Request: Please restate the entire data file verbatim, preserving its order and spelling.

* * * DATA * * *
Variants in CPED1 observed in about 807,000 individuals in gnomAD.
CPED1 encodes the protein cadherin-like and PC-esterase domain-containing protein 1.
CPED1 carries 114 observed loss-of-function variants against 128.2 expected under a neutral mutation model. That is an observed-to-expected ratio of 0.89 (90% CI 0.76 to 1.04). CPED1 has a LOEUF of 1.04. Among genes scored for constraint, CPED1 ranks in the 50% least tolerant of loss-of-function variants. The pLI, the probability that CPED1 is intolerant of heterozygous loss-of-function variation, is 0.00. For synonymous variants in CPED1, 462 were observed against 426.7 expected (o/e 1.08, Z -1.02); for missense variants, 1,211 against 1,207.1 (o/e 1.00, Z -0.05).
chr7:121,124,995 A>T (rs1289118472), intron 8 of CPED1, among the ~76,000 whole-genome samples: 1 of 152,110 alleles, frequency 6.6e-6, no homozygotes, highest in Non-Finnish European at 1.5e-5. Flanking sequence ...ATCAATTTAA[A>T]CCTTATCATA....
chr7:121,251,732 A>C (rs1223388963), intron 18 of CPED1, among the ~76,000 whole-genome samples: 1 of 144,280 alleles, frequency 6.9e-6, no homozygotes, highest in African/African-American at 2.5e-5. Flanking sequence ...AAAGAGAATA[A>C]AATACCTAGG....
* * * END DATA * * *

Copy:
Variants in CPED1 observed in about 807,000 individuals in gnomAD.
CPED1 encodes the protein cadherin-like and PC-esterase domain-containing protein 1.
CPED1 carries 114 observed loss-of-function variants against 128.2 expected under a neutral mutation model. That is an observed-to-expected ratio of 0.89 (90% CI 0.76 to 1.04). CPED1 has a LOEUF of 1.04. Among genes scored for constraint, CPED1 ranks in the 50% least tolerant of loss-of-function variants. The pLI, the probability that CPED1 is intolerant of heterozygous loss-of-function variation, is 0.00. For synonymous variants in CPED1, 462 were observed against 426.7 expected (o/e 1.08, Z -1.02); for missense variants, 1,211 against 1,207.1 (o/e 1.00, Z -0.05).
chr7:121,124,995 A>T (rs1289118472), intron 8 of CPED1, among the ~76,000 whole-genome samples: 1 of 152,110 alleles, frequency 6.6e-6, no homozygotes, highest in Non-Finnish European at 1.5e-5. Flanking sequence ...ATCAATTTAA[A>T]CCTTATCATA....
chr7:121,251,732 A>C (rs1223388963), intron 18 of CPED1, among the ~76,000 whole-genome samples: 1 of 144,280 alleles, frequency 6.9e-6, no homozygotes, highest in African/African-American at 2.5e-5. Flanking sequence ...AAAGAGAATA[A>C]AATACCTAGG....